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trump's campaign not to have roger ailes in a role. there is a hesitancy about ailes and a respect for his knowledge but they don't want to link trump to ailes. by based on my reporting, ailes is influential. he goes to trump's golf course in new jersey, there when they had the debate prep sessions. trump told pehe told him about his experience with nixon and the '80s and the '90s. trump loves it. >> rose: first, the debate is coming up on september 26. how does he see his own path and how he spends his own time between now and the debates and between the debates and the election? >> most republican consultants are advising the trump campaign to focus on certain swing states, north carolina, florida, ohio, pennsylvania and a few others. >> rose: we'll stop you there.
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sure. >> rose: in north carolina, how's he doing? >> the educated voters are skeptical but it's competitive. >> rose: it's often said he has the to appeal to college-educated women in the suburbs. that's a clear constituency, and pause of what he said about women and other things, it makes it a very difficult challenge for them. what else does he have to do if he wants to score one of the most surprising political upsets in political history? >> on the women front, ivanka will be on the campaign trail more. he told me his wife melania is going to be doing more appearances and she's been rarely seen since the republican national convention. on policy, trump is advocating more entitlement spending when it comes to childcare. >> rose: and tax cuts, too. and he believes in his economic speech that tax cuts will be paid for because the economic growth that they will ignite,
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correct. >> that's correct. and that's more of the supply side school of the republican party. he's not a natural fit with that wing, but he's taking up some of their policy proposals. >> rose: and in polls he is viewed on the questions of economics and handling the economy of the united states more favorably than she is? a question. >> he is seen as a strong steward, possibly, of the economy on questions of tone and temperament and other things he has weaker numbers. but i think your question is the most important one, what does he have to do between now and november 8. >> rose: and? i was talking to a couple of trump associates' allies. he's surrounded by people who are not in the campaign but well known. one put it to me, this is a wave. it's not about trump, it's about change. it's about frustration with political institutions and parties. can he ride it, can he hold on and ride this wave into victory. because the wave is moving in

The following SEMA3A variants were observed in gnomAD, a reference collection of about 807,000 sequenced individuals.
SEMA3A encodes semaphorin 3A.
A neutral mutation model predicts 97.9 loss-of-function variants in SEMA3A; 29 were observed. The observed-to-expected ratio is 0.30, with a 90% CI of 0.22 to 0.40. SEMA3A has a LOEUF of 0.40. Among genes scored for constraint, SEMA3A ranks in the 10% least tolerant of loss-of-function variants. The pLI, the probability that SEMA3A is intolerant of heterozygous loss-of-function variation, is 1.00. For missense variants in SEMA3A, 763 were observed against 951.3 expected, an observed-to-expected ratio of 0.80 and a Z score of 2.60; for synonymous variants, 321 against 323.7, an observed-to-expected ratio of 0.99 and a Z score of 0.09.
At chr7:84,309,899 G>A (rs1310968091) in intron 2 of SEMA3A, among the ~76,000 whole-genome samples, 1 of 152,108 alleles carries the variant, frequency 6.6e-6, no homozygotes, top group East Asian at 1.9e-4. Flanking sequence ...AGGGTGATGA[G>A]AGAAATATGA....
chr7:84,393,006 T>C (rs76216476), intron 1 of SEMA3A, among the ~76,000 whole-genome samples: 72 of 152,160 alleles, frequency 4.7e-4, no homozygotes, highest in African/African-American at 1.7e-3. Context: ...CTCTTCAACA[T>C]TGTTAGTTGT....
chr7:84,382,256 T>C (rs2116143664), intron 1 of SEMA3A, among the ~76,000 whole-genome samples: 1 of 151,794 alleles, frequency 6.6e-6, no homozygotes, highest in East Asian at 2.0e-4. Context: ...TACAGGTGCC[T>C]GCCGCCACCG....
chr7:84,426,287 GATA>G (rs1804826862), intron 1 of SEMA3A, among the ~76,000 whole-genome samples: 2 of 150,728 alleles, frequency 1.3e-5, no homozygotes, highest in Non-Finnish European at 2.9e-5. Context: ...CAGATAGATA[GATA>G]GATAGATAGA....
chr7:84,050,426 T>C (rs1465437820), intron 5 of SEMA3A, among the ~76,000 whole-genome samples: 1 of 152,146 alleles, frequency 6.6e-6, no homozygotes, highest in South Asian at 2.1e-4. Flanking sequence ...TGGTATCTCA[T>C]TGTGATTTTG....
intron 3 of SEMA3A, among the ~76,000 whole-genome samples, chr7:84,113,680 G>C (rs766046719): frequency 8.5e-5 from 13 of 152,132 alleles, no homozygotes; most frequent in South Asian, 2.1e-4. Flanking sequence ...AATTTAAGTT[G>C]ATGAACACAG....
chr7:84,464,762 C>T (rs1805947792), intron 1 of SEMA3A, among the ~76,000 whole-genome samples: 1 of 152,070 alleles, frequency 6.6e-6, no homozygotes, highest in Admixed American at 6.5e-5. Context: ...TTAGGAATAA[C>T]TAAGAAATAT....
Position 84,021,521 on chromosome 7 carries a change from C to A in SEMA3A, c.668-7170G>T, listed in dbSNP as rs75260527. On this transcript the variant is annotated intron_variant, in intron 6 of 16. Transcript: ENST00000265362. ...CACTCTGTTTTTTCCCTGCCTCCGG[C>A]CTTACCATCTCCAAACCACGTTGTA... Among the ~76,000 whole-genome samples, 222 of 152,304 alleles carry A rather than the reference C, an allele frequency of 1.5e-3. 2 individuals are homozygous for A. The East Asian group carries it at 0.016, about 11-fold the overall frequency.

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that direction, it's just he can't get distracted. maybe that's why he came out today. i haven't spoken to trump about this. but he just came out with that small statement, but i know his campaign officials want to get rid of the noise that's always been around trump because they see this wave. >> rose: and, in fact, that's why they latched on to some kind of identification with brexit which was considered a wave and a movement. >> that's right. >> rose: they want to see what he has ignited as a movement and a wave in which there is -- he became, in a sense -- he didn't produce it, but he got -- he went to the head of the parade on tissue of discontent and the establishment, having had an opportunity and failed, and what was necessary was a new direction. >> one thing that really struck me, charlie, was he was reading the paper on the plane about ford moving some of its operations to mexico for small car production, and he seized on this and starts scribbling notes. i'm going to talk about that in
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canton, ohio. rust belt city. he goes up with notes. he has a teleprompter. it's about mexico, the wall, 35% tax he's proposing on ford and others that produce goods abroad. he uses the word "globalist." he's not a natural -- >> rose: this was in akron. in the akron, canton area. >> rose: basically trying to make the appeal that all the things he's been talking about in terms of trade and in terms of saving jobs. >> and he's mentioning things like obamacare. he's mentioning usual republican talking points, but it's mostly unusual talking point -- heavy trade tariffs, talking about mexico and populism and globalism and talking about jobs, jobs, jobs. >> rose: here's what's interesting to me in terms of her interview. this whole idea of the alt.
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>> he said the alt right is fiction but it's not. they've had a presence in this election and connected themselves with donald trump. >> rose: he's not disavoid them in any sense, has he? >> he hasn't seemed to even want to talk about the concept of the alt right. >> rose: he said the name came up recently but it's been around for a while. >> it's been around a while. that's the ugly side. >> rose: what does that say is this he wants them enthusiastic about him at his rallies but he doesn't want to be identified with them? he wants them but doesn't want them. is that what it says? >> to an extent. but i think you can connect that to how he handled the birther issue. he does not engage or want to